In this letter, President Steven Leath, Senior Vice President and Provost Jonathan Wickert and Interim Vice President for Research David Oliver discuss a recent research misconduct case that made headlines over semester break.
Iowa State University strives to uphold the highest standards of research integrity. On occasion and despite our best efforts, those standards are compromised, and as you may have seen in the news over break, the actions of even one individual can have a significant impact.
As was reported in December, Dong-Pyou Han, a research assistant professor in the College of Veterinary Medicine’s department of biomedical sciences, was found to have engaged in research misconduct involving his vaccine work in Professor Michael Cho’s laboratory.
A few basic facts regarding the case are as follows:
- The first indication of possible misconduct came in January 2013, when one of Dr. Cho’s collaborators at another institution detected human antibodies in a sample from an experiment to test a potential AIDS vaccine.
- When Dr. Cho learned of this development, he immediately notified Iowa State’s Research Integrity Officer, Professor Charlotte Bronson, associate vice president for research. Dr. Cho also immediately began working with his collaborators and his NIH program officer to determine whether the presence of human antibodies in the sample was a simple mix-up or evidence of misconduct.
- When the tests run by Dr. Cho and his collaborators showed that additional samples contained human antibodies, Dr. Bronson notified the Department of Health and Human Services Office of Research Integrity (DHHS ORI). DHHS ORI handles research misconduct cases involving support from the National Institutes of Health (NIH), which had funded the project. Dr. Bronson led the effort to look into the situation.
- Although it was clear at this point that the samples had been intentionally spiked with human antibodies, it was not clear who had done it. Drs. Cho and Bronson, working with Dr. Cho’s collaborators, DHHS ORI and NIH, began the effort to identify the individual responsible. In August, Han was identified as the likely individual.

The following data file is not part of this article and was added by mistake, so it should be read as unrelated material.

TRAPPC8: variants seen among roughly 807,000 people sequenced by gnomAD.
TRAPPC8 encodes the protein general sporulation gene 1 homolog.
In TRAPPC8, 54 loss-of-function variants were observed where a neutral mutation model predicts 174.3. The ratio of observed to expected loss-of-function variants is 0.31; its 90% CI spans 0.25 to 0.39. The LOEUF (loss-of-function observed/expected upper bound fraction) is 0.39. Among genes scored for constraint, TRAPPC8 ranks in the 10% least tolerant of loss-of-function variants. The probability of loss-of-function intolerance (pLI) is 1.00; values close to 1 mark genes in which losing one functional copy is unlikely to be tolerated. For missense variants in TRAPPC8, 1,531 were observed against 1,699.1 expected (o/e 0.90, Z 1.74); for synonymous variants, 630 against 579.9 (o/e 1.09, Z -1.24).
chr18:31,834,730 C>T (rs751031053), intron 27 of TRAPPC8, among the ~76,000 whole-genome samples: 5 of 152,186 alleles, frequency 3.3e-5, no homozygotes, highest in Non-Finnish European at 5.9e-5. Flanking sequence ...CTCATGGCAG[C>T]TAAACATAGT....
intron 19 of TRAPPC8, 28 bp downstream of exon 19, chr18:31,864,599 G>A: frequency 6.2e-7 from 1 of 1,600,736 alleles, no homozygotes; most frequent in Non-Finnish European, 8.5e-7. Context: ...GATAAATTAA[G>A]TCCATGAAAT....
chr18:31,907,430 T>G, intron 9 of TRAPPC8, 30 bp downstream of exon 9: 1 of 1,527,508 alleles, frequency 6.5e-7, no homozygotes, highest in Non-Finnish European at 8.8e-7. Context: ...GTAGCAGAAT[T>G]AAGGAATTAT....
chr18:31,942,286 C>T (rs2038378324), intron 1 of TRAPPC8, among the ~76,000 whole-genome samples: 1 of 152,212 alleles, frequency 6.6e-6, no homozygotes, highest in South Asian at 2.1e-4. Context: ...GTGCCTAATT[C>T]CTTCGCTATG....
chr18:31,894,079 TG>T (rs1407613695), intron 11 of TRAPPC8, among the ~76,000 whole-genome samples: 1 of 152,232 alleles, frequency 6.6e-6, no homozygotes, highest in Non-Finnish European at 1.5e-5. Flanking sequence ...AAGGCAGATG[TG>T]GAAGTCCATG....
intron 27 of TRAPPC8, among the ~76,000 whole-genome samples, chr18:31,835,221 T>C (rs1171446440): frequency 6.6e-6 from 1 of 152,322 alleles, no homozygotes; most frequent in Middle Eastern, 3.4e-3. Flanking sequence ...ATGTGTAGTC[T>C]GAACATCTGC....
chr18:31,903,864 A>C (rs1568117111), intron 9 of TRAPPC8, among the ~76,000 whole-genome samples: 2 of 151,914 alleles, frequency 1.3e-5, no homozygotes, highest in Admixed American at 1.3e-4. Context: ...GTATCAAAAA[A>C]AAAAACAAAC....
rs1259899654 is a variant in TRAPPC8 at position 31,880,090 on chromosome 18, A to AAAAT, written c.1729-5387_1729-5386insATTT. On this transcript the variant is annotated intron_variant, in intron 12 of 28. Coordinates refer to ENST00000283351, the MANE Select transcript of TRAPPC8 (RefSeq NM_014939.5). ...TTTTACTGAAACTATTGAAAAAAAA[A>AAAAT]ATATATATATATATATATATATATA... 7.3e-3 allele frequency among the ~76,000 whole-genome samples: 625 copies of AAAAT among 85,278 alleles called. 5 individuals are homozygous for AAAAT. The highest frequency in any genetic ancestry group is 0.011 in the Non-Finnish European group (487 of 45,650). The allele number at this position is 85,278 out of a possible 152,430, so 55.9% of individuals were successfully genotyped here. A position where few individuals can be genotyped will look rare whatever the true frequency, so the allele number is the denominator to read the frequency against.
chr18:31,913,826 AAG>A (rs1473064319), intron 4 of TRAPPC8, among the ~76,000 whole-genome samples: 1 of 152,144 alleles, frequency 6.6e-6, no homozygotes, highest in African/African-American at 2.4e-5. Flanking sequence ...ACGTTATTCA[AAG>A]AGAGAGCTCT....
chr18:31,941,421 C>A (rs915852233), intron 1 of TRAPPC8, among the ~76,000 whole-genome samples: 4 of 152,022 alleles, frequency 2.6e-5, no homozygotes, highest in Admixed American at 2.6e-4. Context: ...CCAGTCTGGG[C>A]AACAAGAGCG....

- Han was immediately barred from the lab, and his research materials were sequestered to ensure a thorough inquiry.
- Han admitted responsibility for spiking the samples as well as data manipulation and then resigned from Iowa State in October. Han subsequently signed an agreement with the federal government that barred him from applying for or working on research projects funded by the federal government for a period of three years. This agreement was made public by the U.S. Department of Health and Human Services Office of Research Integrity on Dec. 23.
While this news is disappointing to all of us at Iowa State, it does represent an opportunity to reaffirm our commitment to integrity -- in our research programs, and in everything we do. It is also important to know that, when misconduct allegations arise, Iowa State has a responsibility to look into them and take them seriously. Our system is designed to uncover the facts and provide due process for those involved. All members of the university’s community should know about our policies for reporting, investigating and resolving allegations of research misconduct. The policy is available at http://www.policy.iastate.edu/policy/research/misconduct.
It is likewise important that we learn and improve. All university researchers should take the opportunity to learn about research misconduct and what to do if and when research misconduct allegations arise in their labs. Training on responsible research has already been conducted in Dr. Cho’s laboratory. As unfortunate as the present case is, our system has worked in reporting and resolving the misconduct allegations.